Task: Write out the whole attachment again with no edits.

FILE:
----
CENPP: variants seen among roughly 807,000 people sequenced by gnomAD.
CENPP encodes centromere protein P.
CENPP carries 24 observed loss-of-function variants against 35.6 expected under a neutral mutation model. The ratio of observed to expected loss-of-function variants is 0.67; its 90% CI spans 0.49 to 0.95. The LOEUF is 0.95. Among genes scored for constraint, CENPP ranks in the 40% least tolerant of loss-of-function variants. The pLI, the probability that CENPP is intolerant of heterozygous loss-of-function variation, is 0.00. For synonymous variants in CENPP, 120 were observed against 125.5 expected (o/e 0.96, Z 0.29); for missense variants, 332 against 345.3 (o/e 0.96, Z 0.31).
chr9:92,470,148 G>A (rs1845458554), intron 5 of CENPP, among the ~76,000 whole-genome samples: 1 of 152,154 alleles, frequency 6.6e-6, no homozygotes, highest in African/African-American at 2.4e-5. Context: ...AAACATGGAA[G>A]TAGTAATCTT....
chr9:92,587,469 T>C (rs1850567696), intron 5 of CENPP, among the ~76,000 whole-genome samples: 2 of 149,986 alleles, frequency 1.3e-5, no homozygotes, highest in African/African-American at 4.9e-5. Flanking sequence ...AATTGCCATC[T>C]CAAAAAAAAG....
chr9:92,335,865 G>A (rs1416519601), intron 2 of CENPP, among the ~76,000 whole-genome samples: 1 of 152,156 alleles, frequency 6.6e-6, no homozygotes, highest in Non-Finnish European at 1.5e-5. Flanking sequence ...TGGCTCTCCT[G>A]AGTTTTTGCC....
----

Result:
CENPP: variants seen among roughly 807,000 people sequenced by gnomAD.
CENPP encodes centromere protein P.
CENPP carries 24 observed loss-of-function variants against 35.6 expected under a neutral mutation model. The ratio of observed to expected loss-of-function variants is 0.67; its 90% CI spans 0.49 to 0.95. The LOEUF is 0.95. Among genes scored for constraint, CENPP ranks in the 40% least tolerant of loss-of-function variants. The pLI, the probability that CENPP is intolerant of heterozygous loss-of-function variation, is 0.00. For synonymous variants in CENPP, 120 were observed against 125.5 expected (o/e 0.96, Z 0.29); for missense variants, 332 against 345.3 (o/e 0.96, Z 0.31).
chr9:92,470,148 G>A (rs1845458554), intron 5 of CENPP, among the ~76,000 whole-genome samples: 1 of 152,154 alleles, frequency 6.6e-6, no homozygotes, highest in African/African-American at 2.4e-5. Context: ...AAACATGGAA[G>A]TAGTAATCTT....
chr9:92,587,469 T>C (rs1850567696), intron 5 of CENPP, among the ~76,000 whole-genome samples: 2 of 149,986 alleles, frequency 1.3e-5, no homozygotes, highest in African/African-American at 4.9e-5. Flanking sequence ...AATTGCCATC[T>C]CAAAAAAAAG....
chr9:92,335,865 G>A (rs1416519601), intron 2 of CENPP, among the ~76,000 whole-genome samples: 1 of 152,156 alleles, frequency 6.6e-6, no homozygotes, highest in Non-Finnish European at 1.5e-5. Flanking sequence ...TGGCTCTCCT[G>A]AGTTTTTGCC....